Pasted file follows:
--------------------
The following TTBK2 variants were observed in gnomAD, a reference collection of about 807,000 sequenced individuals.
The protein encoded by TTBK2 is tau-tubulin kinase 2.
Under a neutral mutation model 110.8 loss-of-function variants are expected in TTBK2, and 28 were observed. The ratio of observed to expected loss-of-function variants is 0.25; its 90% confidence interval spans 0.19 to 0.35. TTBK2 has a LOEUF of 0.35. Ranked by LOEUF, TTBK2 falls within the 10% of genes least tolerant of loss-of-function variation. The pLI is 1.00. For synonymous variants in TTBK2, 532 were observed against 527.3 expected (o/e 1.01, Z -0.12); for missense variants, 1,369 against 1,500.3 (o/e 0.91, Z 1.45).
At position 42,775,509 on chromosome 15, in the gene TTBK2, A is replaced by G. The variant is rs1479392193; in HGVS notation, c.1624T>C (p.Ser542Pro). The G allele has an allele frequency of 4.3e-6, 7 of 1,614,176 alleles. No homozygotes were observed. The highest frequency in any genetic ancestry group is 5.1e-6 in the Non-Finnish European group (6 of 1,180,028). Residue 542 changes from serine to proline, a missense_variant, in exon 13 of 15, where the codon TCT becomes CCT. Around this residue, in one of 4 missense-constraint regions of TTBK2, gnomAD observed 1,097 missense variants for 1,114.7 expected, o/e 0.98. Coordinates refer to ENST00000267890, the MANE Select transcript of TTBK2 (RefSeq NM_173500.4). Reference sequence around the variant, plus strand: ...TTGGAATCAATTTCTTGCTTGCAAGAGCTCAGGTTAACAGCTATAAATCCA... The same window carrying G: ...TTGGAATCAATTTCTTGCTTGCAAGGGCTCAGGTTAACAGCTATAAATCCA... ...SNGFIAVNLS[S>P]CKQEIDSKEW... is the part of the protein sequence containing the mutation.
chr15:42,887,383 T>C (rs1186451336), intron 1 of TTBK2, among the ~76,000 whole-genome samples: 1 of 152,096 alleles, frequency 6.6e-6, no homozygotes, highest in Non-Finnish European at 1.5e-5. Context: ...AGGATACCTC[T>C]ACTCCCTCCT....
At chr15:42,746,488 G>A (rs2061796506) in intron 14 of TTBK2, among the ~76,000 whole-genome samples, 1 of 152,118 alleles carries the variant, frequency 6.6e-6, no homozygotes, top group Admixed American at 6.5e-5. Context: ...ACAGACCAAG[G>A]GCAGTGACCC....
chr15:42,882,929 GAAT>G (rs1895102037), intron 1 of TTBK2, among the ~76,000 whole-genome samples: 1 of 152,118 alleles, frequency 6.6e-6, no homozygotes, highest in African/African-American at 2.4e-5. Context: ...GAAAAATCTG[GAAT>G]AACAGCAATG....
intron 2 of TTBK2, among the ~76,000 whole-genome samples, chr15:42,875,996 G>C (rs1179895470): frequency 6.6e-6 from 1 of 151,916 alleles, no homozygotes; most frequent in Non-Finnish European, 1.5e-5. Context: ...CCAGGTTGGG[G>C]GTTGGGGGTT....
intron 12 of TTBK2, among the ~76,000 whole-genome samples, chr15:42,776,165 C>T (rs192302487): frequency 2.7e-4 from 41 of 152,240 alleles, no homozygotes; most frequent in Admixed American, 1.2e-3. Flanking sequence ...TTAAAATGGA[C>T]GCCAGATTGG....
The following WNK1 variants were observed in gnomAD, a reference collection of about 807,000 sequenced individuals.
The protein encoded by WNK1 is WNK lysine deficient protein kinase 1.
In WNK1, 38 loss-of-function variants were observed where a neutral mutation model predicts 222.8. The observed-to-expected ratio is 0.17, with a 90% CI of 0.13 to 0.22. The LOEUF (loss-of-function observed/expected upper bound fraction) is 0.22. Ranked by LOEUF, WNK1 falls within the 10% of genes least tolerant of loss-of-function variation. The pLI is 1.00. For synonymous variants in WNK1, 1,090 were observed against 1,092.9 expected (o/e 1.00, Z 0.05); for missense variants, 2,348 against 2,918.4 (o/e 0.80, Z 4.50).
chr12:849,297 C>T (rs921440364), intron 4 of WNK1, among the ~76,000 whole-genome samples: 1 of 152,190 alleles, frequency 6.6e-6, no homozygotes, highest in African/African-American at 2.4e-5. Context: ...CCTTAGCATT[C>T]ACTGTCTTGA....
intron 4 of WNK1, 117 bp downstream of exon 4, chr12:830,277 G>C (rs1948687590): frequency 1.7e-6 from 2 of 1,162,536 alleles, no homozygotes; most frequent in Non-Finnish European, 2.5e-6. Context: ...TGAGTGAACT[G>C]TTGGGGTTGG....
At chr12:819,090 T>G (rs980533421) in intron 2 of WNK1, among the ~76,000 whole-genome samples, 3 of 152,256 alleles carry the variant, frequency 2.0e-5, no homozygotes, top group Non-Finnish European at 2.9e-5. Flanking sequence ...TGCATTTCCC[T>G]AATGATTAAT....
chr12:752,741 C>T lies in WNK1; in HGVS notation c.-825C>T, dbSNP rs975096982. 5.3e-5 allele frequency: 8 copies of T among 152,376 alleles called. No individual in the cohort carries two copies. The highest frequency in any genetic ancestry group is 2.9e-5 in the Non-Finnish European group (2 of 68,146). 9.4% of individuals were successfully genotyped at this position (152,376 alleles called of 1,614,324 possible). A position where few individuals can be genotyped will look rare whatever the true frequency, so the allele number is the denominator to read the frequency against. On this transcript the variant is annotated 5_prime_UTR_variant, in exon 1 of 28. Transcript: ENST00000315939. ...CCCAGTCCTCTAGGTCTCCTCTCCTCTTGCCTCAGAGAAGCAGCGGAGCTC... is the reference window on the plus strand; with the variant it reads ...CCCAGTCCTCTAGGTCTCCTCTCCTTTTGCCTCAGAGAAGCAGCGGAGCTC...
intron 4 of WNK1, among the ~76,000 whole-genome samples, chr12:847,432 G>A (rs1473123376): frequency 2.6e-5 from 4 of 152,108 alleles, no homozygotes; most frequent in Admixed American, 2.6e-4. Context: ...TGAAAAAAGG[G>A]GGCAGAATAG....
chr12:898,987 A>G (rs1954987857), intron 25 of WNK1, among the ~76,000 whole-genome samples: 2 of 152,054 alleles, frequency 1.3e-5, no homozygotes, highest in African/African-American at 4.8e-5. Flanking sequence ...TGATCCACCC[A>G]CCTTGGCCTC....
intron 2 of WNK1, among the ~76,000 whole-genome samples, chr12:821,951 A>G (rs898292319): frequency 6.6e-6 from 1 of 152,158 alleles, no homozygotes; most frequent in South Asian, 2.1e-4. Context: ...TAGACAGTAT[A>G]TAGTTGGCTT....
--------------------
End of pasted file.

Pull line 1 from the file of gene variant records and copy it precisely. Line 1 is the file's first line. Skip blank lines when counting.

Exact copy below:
The following TTBK2 variants were observed in gnomAD, a reference collection of about 807,000 sequenced individuals.